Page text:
May. 27th, 2017

osprey_archer: (books)
I was under the impression that the world, or at least the Bloomsbury Group corner of it, broke in two on or about some date in 1910 (and there is something extremely Bloomsbury about the willingness to generalize from a break with social mores in one's tiny social group to a sea change in the ENTIRE WORLD) - but either I am misremembering utterly, or Bill Goldstein is riffing off this quote in the title of his book The World Broke in Two: Virginia Woolf, T. S. Eliot, D. H. Lawrence, E. M. Forster and the Year that Changed Literature. Which is about 1922.

I am not sure that this book wholly lives up to its title; most of these authors neither published nor completed anything particularly stunning in 1922. In fact, now that I think about it, T. S. Eliot's The Waste Land is the only one that really counts. Woolf & Lawrence had their best work ahead and E. M. Forster - I actually don't know the critical opinions of E. M. Forster's work; is A Passage to India considered his best? In any case he didn't finish it till 1923.

So don't read this book for the supposed thesis, because it's bunk. 1922 is not a sea change in literature, just a convenient way to arrange an otherwise unwieldy amount of material about four quite disparate people.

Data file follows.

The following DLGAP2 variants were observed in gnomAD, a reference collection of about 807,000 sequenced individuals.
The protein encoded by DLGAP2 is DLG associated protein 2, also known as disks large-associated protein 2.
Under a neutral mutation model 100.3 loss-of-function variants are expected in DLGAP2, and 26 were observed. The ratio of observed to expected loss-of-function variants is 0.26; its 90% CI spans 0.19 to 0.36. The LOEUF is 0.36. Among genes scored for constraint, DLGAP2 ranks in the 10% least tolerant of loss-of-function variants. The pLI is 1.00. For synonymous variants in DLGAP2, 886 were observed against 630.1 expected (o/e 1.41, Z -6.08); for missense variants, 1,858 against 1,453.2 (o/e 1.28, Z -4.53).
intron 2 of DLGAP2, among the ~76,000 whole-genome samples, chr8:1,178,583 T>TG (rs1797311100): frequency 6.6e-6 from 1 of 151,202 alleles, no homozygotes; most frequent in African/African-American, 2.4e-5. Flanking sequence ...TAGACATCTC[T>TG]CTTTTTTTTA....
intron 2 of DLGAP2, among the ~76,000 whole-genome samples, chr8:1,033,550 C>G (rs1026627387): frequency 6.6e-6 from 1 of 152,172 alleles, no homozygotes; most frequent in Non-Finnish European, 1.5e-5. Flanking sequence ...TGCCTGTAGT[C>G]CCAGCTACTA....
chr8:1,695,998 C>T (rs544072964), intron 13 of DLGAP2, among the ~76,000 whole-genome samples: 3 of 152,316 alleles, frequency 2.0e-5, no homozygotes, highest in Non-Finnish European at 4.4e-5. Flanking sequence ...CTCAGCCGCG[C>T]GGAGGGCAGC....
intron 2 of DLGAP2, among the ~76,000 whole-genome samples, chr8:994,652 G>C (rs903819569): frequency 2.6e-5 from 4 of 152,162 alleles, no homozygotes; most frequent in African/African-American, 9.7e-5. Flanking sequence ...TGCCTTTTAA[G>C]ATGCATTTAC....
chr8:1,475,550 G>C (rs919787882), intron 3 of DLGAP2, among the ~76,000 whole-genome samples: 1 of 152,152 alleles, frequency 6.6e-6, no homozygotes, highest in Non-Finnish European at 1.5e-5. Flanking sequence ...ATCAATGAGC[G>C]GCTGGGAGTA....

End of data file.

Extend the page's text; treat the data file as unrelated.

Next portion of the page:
However, the book doesn't lean much on this supposed thesis - it really does seem more like a convenient organizational tool than anything else - so it might be worth reading if you're interested in any of the four writers aforementioned.

Or if you just want to read a book that could be entitled Moderate Neurosis: A Writer's Life, this is the book for you. Nervous breakdowns all over the place! Lots of gazing into space while sitting at a desk before a half-completed manuscript! T. S. Eliot spends six months not getting the manuscript of The Waste Land typed, even though publishers are literally begging for it (even though none of them have read it yet! Because it's still in manuscript! WHAT IF IT WAS TERRIBLE, YOU GUYS?) and that is the only thing standing between him and publication, acclaim, and a much-needed infusion of cash.

Admittedly at the time Eliot was in the process of getting his own magazine off the ground and perhaps having second thoughts about having his poem published at a magazine that would be a rival, which leads one to suspect that his dilatoriness was at least as much a business strategy as neurosis.

His publishers are so heroically patient with him, too. When he finally gets them the poem - still handwritten! - they rush it into print in the autumn issue and give him a big fancy prize for it, never mind that this will give his magazine (which is a rival to their magazine) an enormous boost in prestige.

Actually I get this feeling about a lot of publishers of yesteryear: they're often heroically patient with their authors, even when said authors don't sell that well. (Lawrence's sales aren't good at all, but his publisher puts out book after book. Someday he will find his public!) It was a different time.

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